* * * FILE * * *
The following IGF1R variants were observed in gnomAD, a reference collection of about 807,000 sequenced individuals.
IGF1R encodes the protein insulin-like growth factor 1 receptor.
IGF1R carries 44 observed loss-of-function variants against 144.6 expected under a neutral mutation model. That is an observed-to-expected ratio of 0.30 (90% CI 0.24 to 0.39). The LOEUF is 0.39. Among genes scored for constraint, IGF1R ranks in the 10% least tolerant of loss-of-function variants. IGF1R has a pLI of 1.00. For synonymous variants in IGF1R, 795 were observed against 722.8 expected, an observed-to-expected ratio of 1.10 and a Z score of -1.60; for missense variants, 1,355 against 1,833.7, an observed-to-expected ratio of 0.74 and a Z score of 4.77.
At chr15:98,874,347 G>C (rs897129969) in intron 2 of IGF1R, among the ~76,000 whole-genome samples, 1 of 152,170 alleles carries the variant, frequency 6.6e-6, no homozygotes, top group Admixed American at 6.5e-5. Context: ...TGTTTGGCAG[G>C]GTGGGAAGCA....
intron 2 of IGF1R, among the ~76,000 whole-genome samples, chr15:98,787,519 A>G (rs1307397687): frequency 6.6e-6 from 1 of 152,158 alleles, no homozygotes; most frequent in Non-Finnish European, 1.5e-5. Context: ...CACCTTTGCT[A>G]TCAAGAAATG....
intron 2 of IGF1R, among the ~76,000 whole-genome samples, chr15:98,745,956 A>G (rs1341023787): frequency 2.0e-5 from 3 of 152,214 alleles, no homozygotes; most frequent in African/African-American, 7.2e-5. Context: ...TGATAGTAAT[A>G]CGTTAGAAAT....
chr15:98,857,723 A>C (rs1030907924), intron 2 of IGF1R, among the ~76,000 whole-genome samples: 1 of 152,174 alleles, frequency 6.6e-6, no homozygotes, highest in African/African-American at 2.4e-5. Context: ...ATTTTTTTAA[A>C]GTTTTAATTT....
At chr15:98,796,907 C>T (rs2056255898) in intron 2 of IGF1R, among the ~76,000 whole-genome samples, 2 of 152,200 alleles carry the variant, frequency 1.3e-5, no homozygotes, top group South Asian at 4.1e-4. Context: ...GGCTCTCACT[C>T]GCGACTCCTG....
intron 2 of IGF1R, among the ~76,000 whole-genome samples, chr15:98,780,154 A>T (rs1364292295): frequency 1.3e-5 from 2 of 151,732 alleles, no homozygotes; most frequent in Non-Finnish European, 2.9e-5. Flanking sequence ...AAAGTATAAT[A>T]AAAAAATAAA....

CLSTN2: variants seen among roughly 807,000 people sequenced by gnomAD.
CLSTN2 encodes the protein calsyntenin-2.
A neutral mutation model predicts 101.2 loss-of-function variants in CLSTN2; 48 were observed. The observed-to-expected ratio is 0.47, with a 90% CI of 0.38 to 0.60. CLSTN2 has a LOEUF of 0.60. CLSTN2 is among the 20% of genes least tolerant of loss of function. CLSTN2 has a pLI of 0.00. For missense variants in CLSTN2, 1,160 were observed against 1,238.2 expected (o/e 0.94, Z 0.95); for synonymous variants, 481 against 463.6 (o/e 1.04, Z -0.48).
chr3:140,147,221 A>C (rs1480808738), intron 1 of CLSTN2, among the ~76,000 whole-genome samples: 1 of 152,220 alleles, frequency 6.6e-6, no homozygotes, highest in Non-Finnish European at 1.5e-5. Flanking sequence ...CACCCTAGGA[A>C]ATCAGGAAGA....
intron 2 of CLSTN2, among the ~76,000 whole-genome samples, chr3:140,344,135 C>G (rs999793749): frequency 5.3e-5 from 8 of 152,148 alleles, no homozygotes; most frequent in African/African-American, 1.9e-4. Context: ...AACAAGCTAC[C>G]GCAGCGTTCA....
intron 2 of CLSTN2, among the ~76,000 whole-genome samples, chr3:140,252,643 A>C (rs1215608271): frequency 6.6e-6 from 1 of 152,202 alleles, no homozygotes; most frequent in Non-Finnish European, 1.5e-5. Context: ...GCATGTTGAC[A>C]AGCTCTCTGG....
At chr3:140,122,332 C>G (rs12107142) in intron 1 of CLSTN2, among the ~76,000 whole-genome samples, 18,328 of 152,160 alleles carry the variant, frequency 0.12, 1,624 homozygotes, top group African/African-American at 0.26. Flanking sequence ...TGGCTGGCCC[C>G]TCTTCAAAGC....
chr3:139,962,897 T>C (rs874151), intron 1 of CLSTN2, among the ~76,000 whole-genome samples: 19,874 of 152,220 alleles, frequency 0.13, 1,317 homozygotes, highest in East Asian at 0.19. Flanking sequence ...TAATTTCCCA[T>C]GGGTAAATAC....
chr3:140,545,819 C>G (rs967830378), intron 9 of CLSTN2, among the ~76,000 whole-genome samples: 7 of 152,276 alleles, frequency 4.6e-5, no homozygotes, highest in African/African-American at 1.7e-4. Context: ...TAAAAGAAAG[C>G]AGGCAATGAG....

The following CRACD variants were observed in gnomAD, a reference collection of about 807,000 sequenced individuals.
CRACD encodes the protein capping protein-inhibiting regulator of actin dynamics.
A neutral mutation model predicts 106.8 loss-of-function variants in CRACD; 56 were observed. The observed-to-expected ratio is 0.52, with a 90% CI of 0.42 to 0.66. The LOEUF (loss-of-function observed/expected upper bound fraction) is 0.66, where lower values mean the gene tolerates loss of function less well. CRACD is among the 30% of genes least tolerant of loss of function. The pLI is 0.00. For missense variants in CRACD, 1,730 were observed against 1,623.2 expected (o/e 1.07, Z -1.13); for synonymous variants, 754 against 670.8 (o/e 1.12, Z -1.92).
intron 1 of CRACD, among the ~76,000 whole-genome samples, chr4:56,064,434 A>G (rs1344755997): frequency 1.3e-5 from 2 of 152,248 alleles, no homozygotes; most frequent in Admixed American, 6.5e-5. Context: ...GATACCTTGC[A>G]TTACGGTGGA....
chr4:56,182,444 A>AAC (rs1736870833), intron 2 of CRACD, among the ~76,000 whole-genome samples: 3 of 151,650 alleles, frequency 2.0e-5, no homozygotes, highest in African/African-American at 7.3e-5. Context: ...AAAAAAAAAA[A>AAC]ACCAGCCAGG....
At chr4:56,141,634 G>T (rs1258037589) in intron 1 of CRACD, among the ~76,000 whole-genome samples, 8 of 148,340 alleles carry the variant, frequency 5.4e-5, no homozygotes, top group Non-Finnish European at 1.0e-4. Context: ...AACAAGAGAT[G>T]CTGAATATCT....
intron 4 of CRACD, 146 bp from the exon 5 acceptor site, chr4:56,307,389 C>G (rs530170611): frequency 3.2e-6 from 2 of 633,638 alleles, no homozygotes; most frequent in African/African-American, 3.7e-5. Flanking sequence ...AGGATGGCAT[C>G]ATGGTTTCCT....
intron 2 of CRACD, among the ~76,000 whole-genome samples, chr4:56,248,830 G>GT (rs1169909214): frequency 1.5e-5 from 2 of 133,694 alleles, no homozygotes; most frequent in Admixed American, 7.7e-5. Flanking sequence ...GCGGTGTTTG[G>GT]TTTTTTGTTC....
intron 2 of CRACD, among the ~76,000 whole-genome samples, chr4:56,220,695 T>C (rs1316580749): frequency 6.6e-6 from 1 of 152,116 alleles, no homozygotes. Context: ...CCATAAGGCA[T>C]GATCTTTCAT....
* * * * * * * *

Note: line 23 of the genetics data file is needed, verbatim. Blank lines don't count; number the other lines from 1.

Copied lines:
chr4:56,182,444 A>AAC (rs1736870833), intron 2 of CRACD, among the ~76,000 whole-genome samples: 3 of 151,650 alleles, frequency 2.0e-5, no homozygotes, highest in African/African-American at 7.3e-5. Context: ...AAAAAAAAAA[A>AAC]ACCAGCCAGG....